Cold Water Dips for Vitality

Naturopathic MedicineThanks to naturopaths, like Sussanna Czeranko, who remind us of our naturopathic roots, such as the Nature Cure practitioners of Benedict Lust and Sebastian Kneipp of the early 1900’s.  She wrote an encouraging, yet provocative, article called “The Hardening of Our Children” in the 2011 Volume 7 Issue 9 edition of the NDNR journal.  This blog post highlights her article.  She says that “toughening” is a contemporary word equivalent to “hardening” and is an effective way to produce heat and increase vitality.  The prescription: cold water. 

The cold water in this type of treatment was considered to be 55 degrees Fahrenheit, yet these Nature Cure practitioners stated that 71-82 degrees Fahrenheit could also be beneficial.  This type of treatment was believed to develop the body’s power of immunity and protect children from the danger of chill and drafts, and reduce convulsions and infections including measles, scarlet fever, and diptheria.  It was the best security against illness, they stated.  This was a time when antibiotics and vaccination were not available, so the importance of strengthening the body was essential.  I argue that with the high rate of chronic disease prevalent today that the importance of strengthening the body is still essential. 

The prescription by these Nature Cure doctors was to take 3 cold water baths a week of a few seconds’ duration up to no more than a minute’s duration.  These baths could be anytime during the day but never within 2 hours after a meal, right before bed (because it prevents sleep), or when a person is feeling cold or has the chills (i.e. is sick with a cold or flu).  They believed that the best time to start this “hardening” was before conception with the mother-to-be and should continue from day one of a child’s life with 1 or 2 three-second duration cold water baths a day.  Once the child reached 3 years old, only 3 cold water baths a week was considered necessary.  To comfort the chill that this may bring to your ears, they stated that after 2 or 3 applications, the aversion to cold water goes away, even in children.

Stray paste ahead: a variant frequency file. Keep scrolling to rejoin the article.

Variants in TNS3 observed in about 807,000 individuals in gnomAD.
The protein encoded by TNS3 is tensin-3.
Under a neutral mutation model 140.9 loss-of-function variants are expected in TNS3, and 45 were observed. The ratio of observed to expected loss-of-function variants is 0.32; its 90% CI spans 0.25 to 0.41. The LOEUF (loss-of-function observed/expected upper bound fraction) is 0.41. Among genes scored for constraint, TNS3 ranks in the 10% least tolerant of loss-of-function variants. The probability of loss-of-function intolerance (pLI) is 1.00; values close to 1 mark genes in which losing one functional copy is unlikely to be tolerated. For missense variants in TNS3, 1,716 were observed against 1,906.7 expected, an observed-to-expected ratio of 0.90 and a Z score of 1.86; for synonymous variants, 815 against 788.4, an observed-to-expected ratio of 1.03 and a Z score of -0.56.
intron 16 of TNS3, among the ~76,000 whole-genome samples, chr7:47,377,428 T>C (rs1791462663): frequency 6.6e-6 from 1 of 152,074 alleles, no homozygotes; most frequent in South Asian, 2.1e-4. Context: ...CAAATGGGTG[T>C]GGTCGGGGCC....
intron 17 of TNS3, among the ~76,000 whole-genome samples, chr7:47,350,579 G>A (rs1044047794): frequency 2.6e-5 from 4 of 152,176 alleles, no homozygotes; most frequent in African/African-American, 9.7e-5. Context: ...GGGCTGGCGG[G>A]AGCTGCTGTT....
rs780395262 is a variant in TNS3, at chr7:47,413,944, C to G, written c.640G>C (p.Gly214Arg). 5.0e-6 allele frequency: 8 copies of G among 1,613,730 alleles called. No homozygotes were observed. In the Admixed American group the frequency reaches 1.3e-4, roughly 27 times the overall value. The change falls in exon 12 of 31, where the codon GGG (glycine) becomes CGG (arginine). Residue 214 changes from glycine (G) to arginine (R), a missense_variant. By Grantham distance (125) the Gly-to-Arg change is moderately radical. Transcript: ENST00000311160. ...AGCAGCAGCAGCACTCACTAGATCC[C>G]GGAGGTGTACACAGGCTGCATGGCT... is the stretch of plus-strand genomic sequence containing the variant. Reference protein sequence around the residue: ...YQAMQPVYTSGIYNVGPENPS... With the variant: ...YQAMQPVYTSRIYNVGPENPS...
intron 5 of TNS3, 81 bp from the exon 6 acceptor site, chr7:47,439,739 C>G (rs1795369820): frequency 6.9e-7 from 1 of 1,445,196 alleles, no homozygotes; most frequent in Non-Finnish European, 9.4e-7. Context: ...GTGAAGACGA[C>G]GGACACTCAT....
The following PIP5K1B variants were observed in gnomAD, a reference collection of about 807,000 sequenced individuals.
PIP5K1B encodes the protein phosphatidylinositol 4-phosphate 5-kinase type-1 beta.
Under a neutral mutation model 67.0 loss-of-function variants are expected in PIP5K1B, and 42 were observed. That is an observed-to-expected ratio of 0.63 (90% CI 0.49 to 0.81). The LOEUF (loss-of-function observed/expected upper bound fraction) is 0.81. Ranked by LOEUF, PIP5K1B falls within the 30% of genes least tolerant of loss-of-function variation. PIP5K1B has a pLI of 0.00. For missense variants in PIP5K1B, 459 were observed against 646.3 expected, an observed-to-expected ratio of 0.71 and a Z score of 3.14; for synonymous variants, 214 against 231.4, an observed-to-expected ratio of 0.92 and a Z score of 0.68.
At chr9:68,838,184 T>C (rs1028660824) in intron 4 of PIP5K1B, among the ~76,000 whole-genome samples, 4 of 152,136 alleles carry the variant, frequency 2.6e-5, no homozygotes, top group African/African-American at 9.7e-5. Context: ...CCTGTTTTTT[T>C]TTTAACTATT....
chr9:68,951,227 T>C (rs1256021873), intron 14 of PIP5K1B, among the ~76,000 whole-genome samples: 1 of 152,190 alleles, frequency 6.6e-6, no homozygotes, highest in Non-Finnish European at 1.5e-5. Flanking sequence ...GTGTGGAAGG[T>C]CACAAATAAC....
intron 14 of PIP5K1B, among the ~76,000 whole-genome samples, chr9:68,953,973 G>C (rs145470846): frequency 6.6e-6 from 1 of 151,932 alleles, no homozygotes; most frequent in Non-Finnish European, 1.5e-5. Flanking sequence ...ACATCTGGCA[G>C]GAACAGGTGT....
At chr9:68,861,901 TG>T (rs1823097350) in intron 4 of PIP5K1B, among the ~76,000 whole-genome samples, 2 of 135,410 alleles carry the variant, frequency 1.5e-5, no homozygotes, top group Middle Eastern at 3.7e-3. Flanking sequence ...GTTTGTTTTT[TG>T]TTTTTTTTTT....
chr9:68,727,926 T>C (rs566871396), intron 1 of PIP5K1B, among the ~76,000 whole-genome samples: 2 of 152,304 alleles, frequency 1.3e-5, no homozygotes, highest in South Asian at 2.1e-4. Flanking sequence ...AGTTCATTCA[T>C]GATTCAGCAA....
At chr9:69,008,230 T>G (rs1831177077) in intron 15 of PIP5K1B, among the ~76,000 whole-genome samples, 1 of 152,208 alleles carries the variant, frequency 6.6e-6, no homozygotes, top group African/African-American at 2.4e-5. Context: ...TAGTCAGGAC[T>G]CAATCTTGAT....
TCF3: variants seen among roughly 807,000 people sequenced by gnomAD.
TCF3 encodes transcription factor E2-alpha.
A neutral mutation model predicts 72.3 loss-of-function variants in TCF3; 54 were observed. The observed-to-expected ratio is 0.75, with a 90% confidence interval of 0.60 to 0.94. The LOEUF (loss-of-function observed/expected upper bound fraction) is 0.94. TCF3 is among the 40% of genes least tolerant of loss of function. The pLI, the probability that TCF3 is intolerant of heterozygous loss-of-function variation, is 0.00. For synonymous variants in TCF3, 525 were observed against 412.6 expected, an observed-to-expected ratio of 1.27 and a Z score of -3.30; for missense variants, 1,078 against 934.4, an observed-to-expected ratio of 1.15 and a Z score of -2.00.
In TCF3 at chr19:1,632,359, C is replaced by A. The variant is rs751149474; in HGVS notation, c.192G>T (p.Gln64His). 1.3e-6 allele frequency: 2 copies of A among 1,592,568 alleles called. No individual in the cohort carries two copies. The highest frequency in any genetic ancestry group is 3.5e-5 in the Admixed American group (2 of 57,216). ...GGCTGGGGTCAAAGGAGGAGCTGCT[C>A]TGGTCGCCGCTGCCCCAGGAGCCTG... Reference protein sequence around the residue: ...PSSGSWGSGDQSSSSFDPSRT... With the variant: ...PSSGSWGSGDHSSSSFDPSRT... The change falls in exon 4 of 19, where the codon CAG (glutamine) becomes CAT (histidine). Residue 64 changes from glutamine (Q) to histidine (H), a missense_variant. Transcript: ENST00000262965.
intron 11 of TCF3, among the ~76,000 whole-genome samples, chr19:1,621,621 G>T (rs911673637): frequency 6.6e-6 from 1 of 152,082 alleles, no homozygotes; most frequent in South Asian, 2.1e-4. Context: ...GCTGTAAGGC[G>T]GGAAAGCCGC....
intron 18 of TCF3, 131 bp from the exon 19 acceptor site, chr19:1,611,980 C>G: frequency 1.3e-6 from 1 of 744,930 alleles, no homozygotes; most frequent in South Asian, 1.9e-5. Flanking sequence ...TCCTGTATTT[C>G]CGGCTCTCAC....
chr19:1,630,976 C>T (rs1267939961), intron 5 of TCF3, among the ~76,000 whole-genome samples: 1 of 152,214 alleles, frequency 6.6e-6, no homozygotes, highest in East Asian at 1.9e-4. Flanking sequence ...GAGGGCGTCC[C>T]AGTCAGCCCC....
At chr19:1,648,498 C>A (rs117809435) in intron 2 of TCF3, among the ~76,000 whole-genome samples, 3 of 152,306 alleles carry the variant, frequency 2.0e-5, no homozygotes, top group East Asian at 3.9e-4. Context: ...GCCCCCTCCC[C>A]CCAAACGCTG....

Dr. Czeranko elaborates that hot water bathing, warm homes and minimal exercise that people have in their lives these days reduce resistance.  Kneipp advised that warm baths shouldn’t last longer than 5 minutes and that they must be followed by cold water and exercise.  Lust stated that “this cold water application will strengthen the body and counteract the effect of the warm water.” 

If you’re thinking of adding a piece of this old wisdom into your life, consider keeping your hot showers to a minimum and end them with a few seconds up to a minute of the maximum level of cold water.  If you’re having trouble going with the maximum level of cold water at first, consider lowering the temperature to what you can tolerate while each day continuing to get colder.  For those reluctant, you may be comforted in knowing that 55 degree Fahrenheit (or 13 degree Celsius) is “the same temperature that European spas administer the cold water plunge that follows the hot sauna or warm mineral baths.”

Comments are closed.